Why China should help Mozambique and Tanzania develop their Natural Gas production Capacities

I refer to the section 3.1 titled ‘Addressing General weakness of the economy’  and section 6.1  titled ‘Unchecked Greed and Resource Conflict’ of the above document, which has the following interesting paragraphs:

Given the prospects of high revenue earnings from economic rents of oil and natural gas, unchecked greed of business, political or other social leaders can foment and precipitate “resource conflicts”, which manifest as civil wars, regional conflicts involving neighbouring countries which share common borders, as well as in-country social divisions which weaken national solidarity. In the extreme they become a prelude to secessionist tendencies, with intent to draw new territorial boundaries curving out the regions with rich resource endowment and to declare them as independent sovereignty. That is the “resource curse” per excellence! Resource conflicts destabilize nations hosting unchecked greedy “resource seeking investments” and increase the risk to human safety, natural resource extraction infrastructures, as well as raise the overall cost of doing business.
… The discovery of huge natural gas resources has engendered heightened expectations for Tanzania with respect to revenue receipts and the likely spending power of the government. People think Tanzania can immediately get out of the poverty trap and move into the middle to high income bracket. Such popular view does not appreciate the level of investments required, the engineering challenges to be overcome and the time required to move through all the process steps before commercial gas production commences. The timeline is
between 5 to 8 years activities.

While there may be few dream images of the erstwhile Middle East and Persian Gulf countries as models for sharing national prosperity of the new gas economy, there are also nightmare images of the bad experiences of the Niger delta being repeated in the Ruvuma delta. It is common knowledge that oil production in the Niger delta has resulted in environment degradation on a massive scale, which has totally damaged the traditional local economy and livelihood which was based on fishing and agriculture. In that regard, the local communities feel “left out” of the growth and economic benefits, which have accrued to Nigeria as an outcome of exploitation of the petroleum resources. Then local communities have come to be viewed as a security threat because they have engaged in hostile activities against both the Government and the Oil industry. …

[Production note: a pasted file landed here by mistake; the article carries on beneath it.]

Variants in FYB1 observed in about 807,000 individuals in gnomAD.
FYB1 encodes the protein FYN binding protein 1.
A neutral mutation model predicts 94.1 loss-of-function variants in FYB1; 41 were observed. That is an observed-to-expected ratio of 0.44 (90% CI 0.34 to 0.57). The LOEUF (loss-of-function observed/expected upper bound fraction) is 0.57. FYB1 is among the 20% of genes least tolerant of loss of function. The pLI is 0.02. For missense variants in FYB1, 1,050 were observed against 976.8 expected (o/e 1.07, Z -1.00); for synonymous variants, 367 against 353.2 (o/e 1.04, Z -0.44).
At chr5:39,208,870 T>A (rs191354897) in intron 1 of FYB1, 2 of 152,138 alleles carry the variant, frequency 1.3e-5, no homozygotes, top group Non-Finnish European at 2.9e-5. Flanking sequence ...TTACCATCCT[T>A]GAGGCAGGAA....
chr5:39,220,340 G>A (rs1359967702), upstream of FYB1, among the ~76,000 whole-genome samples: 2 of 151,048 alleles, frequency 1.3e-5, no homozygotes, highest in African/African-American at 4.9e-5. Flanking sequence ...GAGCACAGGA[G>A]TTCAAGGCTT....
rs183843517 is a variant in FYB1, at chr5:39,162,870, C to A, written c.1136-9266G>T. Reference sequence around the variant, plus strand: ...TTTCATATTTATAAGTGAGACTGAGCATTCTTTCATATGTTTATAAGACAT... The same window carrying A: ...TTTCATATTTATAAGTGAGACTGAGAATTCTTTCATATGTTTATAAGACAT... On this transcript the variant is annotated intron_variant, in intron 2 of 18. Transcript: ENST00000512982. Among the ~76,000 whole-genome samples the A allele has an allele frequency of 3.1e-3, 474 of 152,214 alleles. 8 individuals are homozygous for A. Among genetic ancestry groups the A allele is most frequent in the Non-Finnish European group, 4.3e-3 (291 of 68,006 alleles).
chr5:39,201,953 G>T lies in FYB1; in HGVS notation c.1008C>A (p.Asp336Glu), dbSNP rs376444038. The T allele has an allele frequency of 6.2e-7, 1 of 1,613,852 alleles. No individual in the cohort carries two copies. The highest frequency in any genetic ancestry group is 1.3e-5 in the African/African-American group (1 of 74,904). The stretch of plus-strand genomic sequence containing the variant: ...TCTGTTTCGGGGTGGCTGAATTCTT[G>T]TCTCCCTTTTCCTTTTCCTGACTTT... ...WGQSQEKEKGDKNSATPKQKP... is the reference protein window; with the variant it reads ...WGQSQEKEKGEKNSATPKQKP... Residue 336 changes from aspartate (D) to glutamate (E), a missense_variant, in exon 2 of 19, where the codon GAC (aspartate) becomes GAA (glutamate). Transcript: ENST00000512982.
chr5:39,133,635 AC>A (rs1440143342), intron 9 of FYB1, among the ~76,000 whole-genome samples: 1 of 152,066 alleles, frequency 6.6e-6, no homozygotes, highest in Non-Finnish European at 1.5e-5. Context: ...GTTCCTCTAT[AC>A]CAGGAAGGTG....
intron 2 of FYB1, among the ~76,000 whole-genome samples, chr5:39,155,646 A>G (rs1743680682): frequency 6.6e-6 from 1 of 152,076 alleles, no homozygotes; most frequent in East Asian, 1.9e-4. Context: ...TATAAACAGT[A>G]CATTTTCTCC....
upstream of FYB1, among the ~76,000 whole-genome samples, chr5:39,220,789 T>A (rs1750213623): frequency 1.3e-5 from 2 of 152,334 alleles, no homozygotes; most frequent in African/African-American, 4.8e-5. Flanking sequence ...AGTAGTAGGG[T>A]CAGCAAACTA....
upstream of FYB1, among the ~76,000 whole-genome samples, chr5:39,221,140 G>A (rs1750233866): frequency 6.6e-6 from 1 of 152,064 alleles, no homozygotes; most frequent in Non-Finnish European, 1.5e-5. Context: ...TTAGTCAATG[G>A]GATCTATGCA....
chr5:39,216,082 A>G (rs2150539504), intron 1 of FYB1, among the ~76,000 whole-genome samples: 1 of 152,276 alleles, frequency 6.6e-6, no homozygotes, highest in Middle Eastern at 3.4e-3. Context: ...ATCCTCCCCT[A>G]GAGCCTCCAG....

But first, lets deal with China. I’m not completely sold about them. I like their organisation and unity, and how they can achieve seemingly heavy tasks, in very short periods of time, and at a fraction of the cost west companies would undertake such tasks. But there can be a price. On quality in particular. Further, I don’t like the controversies that they tend to leave behind, or rather the alleged conduct of some Chinese companies, neatly dissected here, regarding their practices in Africa, and the implications of such practices. I also wish Chinese politicians and officials could at least raise human rights issues when dealing with countries such as Uganda, Sudan (where they’ve sent 700 troops), DRC, Zimbabwe and Ethiopia.